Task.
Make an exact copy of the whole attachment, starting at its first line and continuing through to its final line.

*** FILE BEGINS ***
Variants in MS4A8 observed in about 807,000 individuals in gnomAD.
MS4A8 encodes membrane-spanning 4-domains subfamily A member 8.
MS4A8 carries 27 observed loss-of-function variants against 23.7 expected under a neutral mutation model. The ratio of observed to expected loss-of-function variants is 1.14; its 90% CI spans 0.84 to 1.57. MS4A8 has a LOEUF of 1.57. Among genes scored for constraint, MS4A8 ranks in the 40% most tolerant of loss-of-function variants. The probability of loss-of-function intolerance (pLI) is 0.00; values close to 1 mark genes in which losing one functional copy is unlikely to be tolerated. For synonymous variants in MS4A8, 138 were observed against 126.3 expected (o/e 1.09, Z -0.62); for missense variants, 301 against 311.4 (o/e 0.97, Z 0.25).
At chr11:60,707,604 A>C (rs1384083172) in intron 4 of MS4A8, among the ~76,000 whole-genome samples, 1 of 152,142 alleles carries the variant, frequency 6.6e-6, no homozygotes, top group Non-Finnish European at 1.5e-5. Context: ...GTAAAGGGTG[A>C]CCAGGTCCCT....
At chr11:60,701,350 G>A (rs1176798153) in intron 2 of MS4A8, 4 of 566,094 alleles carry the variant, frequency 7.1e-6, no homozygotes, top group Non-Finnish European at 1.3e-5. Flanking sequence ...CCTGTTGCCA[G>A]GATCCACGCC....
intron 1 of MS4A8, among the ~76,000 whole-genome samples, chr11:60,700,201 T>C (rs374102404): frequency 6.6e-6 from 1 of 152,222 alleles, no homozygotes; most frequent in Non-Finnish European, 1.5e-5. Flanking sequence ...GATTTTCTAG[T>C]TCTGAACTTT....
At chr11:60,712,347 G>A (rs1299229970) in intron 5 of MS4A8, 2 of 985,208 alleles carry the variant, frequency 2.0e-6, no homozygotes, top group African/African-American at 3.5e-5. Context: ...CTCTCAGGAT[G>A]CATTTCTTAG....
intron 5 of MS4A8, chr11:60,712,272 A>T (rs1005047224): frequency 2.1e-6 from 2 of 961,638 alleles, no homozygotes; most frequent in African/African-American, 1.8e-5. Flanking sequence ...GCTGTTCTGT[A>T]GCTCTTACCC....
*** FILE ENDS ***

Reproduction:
Variants in MS4A8 observed in about 807,000 individuals in gnomAD.
MS4A8 encodes membrane-spanning 4-domains subfamily A member 8.
MS4A8 carries 27 observed loss-of-function variants against 23.7 expected under a neutral mutation model. The ratio of observed to expected loss-of-function variants is 1.14; its 90% CI spans 0.84 to 1.57. MS4A8 has a LOEUF of 1.57. Among genes scored for constraint, MS4A8 ranks in the 40% most tolerant of loss-of-function variants. The probability of loss-of-function intolerance (pLI) is 0.00; values close to 1 mark genes in which losing one functional copy is unlikely to be tolerated. For synonymous variants in MS4A8, 138 were observed against 126.3 expected (o/e 1.09, Z -0.62); for missense variants, 301 against 311.4 (o/e 0.97, Z 0.25).
At chr11:60,707,604 A>C (rs1384083172) in intron 4 of MS4A8, among the ~76,000 whole-genome samples, 1 of 152,142 alleles carries the variant, frequency 6.6e-6, no homozygotes, top group Non-Finnish European at 1.5e-5. Context: ...GTAAAGGGTG[A>C]CCAGGTCCCT....
At chr11:60,701,350 G>A (rs1176798153) in intron 2 of MS4A8, 4 of 566,094 alleles carry the variant, frequency 7.1e-6, no homozygotes, top group Non-Finnish European at 1.3e-5. Flanking sequence ...CCTGTTGCCA[G>A]GATCCACGCC....
intron 1 of MS4A8, among the ~76,000 whole-genome samples, chr11:60,700,201 T>C (rs374102404): frequency 6.6e-6 from 1 of 152,222 alleles, no homozygotes; most frequent in Non-Finnish European, 1.5e-5. Flanking sequence ...GATTTTCTAG[T>C]TCTGAACTTT....
At chr11:60,712,347 G>A (rs1299229970) in intron 5 of MS4A8, 2 of 985,208 alleles carry the variant, frequency 2.0e-6, no homozygotes, top group African/African-American at 3.5e-5. Context: ...CTCTCAGGAT[G>A]CATTTCTTAG....
intron 5 of MS4A8, chr11:60,712,272 A>T (rs1005047224): frequency 2.1e-6 from 2 of 961,638 alleles, no homozygotes; most frequent in African/African-American, 1.8e-5. Flanking sequence ...GCTGTTCTGT[A>T]GCTCTTACCC....